Florida education officials are taking steps to undo requirements that schools for students with significant cognitive disabilities are rated on the same scale as other public schools.
For the first time, Florida is including the performance of most students in its grading system this year, a concession the state made to have many of the requirements of the federal No Child Left Behind law waived. Some of the changes meant including the scores of all students with disabilities and nearly all students learning English and grading special education centers where students with the most significant needs attend. The changes took effect at the same time the state's tests in reading, math, writing, and science became more difficult.
The result: School grades across the state dropped, and they could have plummeted further had the state board of education not taken action to keep any school from dropping more than a single letter grade. (That escape hatch disappears next school year.) And at schools that exclusively enroll students with the most severe disabilities, F grades are expected all around.
But in a letter to the editor published Saturday in the Tampa Bay Times, Florida Education Commissioner Gerard Robinson said that he understands the concern about applying the same performance standards to special education centers as other schools, "especially those with students who have significant cognitive disabilities."
"Under the leadership of the State Board of Education, the department intends to pursue legislative changes regarding alternative schools and exceptional student education centers that should alleviate some of the concerns expressed by school districts," Robinson wrote.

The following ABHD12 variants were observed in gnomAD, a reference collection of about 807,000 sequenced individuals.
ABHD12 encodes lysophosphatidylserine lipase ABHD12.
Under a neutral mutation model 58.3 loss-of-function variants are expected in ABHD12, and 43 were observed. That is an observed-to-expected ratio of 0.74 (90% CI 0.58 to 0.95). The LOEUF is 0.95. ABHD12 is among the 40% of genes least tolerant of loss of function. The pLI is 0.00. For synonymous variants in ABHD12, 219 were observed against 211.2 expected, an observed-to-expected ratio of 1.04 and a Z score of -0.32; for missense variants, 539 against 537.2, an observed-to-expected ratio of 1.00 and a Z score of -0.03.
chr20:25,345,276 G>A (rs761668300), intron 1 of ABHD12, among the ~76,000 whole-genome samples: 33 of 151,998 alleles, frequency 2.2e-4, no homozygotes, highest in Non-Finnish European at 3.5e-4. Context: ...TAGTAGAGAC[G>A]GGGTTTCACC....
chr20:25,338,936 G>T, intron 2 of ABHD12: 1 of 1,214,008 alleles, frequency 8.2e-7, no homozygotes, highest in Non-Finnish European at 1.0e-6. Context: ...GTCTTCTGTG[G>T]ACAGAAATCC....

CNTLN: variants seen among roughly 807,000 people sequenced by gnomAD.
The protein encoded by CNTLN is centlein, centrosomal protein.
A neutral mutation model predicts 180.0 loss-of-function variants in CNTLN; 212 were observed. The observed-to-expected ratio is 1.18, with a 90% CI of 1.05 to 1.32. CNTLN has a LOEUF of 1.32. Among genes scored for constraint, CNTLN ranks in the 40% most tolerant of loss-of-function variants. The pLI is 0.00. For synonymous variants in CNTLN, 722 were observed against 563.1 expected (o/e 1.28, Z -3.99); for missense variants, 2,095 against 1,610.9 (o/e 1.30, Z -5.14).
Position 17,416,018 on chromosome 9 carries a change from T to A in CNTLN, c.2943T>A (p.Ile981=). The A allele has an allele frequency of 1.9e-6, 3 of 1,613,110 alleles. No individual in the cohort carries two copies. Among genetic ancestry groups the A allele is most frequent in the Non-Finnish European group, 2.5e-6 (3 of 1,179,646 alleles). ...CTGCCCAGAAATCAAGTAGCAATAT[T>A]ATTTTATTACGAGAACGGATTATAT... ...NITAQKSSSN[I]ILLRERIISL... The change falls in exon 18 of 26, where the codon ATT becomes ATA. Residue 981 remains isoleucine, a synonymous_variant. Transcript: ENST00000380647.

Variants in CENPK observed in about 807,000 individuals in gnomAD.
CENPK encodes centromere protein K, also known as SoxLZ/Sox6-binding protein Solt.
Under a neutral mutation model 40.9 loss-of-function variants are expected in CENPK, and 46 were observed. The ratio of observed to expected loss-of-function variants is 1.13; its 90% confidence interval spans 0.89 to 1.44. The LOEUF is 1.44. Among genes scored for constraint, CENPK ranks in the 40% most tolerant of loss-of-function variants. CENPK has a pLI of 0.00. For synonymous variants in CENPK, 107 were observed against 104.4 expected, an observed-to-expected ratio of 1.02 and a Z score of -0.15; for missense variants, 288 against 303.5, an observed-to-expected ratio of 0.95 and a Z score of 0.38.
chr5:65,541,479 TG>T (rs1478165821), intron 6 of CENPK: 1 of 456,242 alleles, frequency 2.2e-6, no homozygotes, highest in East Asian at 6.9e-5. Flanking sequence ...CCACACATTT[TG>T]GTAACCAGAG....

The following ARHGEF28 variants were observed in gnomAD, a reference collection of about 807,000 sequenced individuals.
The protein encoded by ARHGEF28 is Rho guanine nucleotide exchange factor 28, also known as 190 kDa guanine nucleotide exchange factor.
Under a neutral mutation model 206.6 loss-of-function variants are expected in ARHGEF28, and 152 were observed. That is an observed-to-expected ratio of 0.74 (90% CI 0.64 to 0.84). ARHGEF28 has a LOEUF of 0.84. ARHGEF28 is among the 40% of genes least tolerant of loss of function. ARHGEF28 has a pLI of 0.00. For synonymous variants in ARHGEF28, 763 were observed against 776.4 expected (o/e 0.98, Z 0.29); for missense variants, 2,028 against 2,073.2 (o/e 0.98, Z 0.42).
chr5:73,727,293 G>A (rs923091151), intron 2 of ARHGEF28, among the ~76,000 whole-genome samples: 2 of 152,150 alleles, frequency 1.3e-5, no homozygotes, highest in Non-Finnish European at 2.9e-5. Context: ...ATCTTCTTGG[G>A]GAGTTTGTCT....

He was responding in part to criticism from the Hillsborough County School Board, where four special education centers are expecting F grades. The centers' only alternative to being graded like other schools was to have their students' scores count at the neighborhood school they might have attended if they didn't have a disability, schools that in most cases have never worked with these students. Some of the other special education centers around the state chose this route.
The question here is, will the federal Education Department allow such a change? Florida was in the first round of states to get an NCLB waiver. And Florida was one of three states given a waiver with a condition: Its accountability system had to change so that all students with disabilities and those learning English are included. If the state doesn't comply, its waiver will expire at the end of the next school year.
UPDATE: The Department of Education just told me that if a state wants to make changes to its approved waiver request, it would need to come in for an amendment that would be reviewed by the department to make sure its revised request still meets the the NCLB waiver flexibility principles. Because Florida's waiver is conditional, "we'd look closely at any amendments in this area," an agency spokesman said.
And how will parents of children with disabilities react to all of this? They are in a difficult position.
As one advocate told the Times in May, children with severe disabilities, of whom there are about 3,000 across the state, should be exempted from the new accountability standards.
But that shouldn't mean the state's 400,000 other students with disabilities should be left out of the new grading system. And there should be no incentive for schools to send students with disabilities to special schools where their test scores wouldn't be counted.
"If you open the door to any possible loopholes," Richard LaBelle of the Family Network on Disabilities, told the Times, "...then I think you are opening the door to a separate and unequal system."